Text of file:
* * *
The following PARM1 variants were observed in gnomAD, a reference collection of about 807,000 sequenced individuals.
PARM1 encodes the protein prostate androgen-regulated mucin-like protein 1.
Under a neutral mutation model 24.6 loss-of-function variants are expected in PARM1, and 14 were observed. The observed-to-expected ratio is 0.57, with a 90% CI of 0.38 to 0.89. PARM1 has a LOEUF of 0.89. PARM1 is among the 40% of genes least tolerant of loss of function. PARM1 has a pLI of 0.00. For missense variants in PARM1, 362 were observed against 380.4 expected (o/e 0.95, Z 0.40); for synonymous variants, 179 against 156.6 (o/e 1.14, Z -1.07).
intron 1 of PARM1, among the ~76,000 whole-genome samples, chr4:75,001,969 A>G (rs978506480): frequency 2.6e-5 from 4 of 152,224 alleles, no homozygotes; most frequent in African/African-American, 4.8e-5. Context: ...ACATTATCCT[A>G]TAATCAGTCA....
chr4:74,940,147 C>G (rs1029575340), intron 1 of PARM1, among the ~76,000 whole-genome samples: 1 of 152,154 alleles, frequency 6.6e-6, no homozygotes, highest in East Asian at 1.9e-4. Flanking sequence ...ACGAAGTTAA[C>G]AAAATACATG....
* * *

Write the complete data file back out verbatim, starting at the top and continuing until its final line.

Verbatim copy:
The following PARM1 variants were observed in gnomAD, a reference collection of about 807,000 sequenced individuals.
PARM1 encodes the protein prostate androgen-regulated mucin-like protein 1.
Under a neutral mutation model 24.6 loss-of-function variants are expected in PARM1, and 14 were observed. The observed-to-expected ratio is 0.57, with a 90% CI of 0.38 to 0.89. PARM1 has a LOEUF of 0.89. PARM1 is among the 40% of genes least tolerant of loss of function. PARM1 has a pLI of 0.00. For missense variants in PARM1, 362 were observed against 380.4 expected (o/e 0.95, Z 0.40); for synonymous variants, 179 against 156.6 (o/e 1.14, Z -1.07).
intron 1 of PARM1, among the ~76,000 whole-genome samples, chr4:75,001,969 A>G (rs978506480): frequency 2.6e-5 from 4 of 152,224 alleles, no homozygotes; most frequent in African/African-American, 4.8e-5. Context: ...ACATTATCCT[A>G]TAATCAGTCA....
chr4:74,940,147 C>G (rs1029575340), intron 1 of PARM1, among the ~76,000 whole-genome samples: 1 of 152,154 alleles, frequency 6.6e-6, no homozygotes, highest in East Asian at 1.9e-4. Flanking sequence ...ACGAAGTTAA[C>G]AAAATACATG....